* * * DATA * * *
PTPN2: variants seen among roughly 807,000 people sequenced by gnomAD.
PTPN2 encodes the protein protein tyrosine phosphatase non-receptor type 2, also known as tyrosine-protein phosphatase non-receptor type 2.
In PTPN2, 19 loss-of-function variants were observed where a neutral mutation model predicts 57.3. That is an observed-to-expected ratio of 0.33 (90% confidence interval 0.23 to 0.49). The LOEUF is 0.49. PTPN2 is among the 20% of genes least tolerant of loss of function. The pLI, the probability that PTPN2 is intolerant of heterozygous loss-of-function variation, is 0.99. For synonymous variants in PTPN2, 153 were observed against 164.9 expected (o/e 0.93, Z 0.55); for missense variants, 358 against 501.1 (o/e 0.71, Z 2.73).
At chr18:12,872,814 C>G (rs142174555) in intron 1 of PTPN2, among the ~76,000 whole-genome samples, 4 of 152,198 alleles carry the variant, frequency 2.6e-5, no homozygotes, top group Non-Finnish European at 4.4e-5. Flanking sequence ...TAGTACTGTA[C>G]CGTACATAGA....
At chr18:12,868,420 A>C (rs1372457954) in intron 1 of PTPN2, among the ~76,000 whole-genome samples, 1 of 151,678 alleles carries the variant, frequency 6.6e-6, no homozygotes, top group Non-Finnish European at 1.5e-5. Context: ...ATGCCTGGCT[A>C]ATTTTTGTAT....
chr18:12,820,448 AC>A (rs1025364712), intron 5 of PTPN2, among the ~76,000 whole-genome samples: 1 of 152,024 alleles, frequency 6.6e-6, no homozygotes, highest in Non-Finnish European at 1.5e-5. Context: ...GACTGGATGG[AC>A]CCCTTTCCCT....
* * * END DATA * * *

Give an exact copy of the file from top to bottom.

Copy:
PTPN2: variants seen among roughly 807,000 people sequenced by gnomAD.
PTPN2 encodes the protein protein tyrosine phosphatase non-receptor type 2, also known as tyrosine-protein phosphatase non-receptor type 2.
In PTPN2, 19 loss-of-function variants were observed where a neutral mutation model predicts 57.3. That is an observed-to-expected ratio of 0.33 (90% confidence interval 0.23 to 0.49). The LOEUF is 0.49. PTPN2 is among the 20% of genes least tolerant of loss of function. The pLI, the probability that PTPN2 is intolerant of heterozygous loss-of-function variation, is 0.99. For synonymous variants in PTPN2, 153 were observed against 164.9 expected (o/e 0.93, Z 0.55); for missense variants, 358 against 501.1 (o/e 0.71, Z 2.73).
At chr18:12,872,814 C>G (rs142174555) in intron 1 of PTPN2, among the ~76,000 whole-genome samples, 4 of 152,198 alleles carry the variant, frequency 2.6e-5, no homozygotes, top group Non-Finnish European at 4.4e-5. Flanking sequence ...TAGTACTGTA[C>G]CGTACATAGA....
At chr18:12,868,420 A>C (rs1372457954) in intron 1 of PTPN2, among the ~76,000 whole-genome samples, 1 of 151,678 alleles carries the variant, frequency 6.6e-6, no homozygotes, top group Non-Finnish European at 1.5e-5. Context: ...ATGCCTGGCT[A>C]ATTTTTGTAT....
chr18:12,820,448 AC>A (rs1025364712), intron 5 of PTPN2, among the ~76,000 whole-genome samples: 1 of 152,024 alleles, frequency 6.6e-6, no homozygotes, highest in Non-Finnish European at 1.5e-5. Context: ...GACTGGATGG[AC>A]CCCTTTCCCT....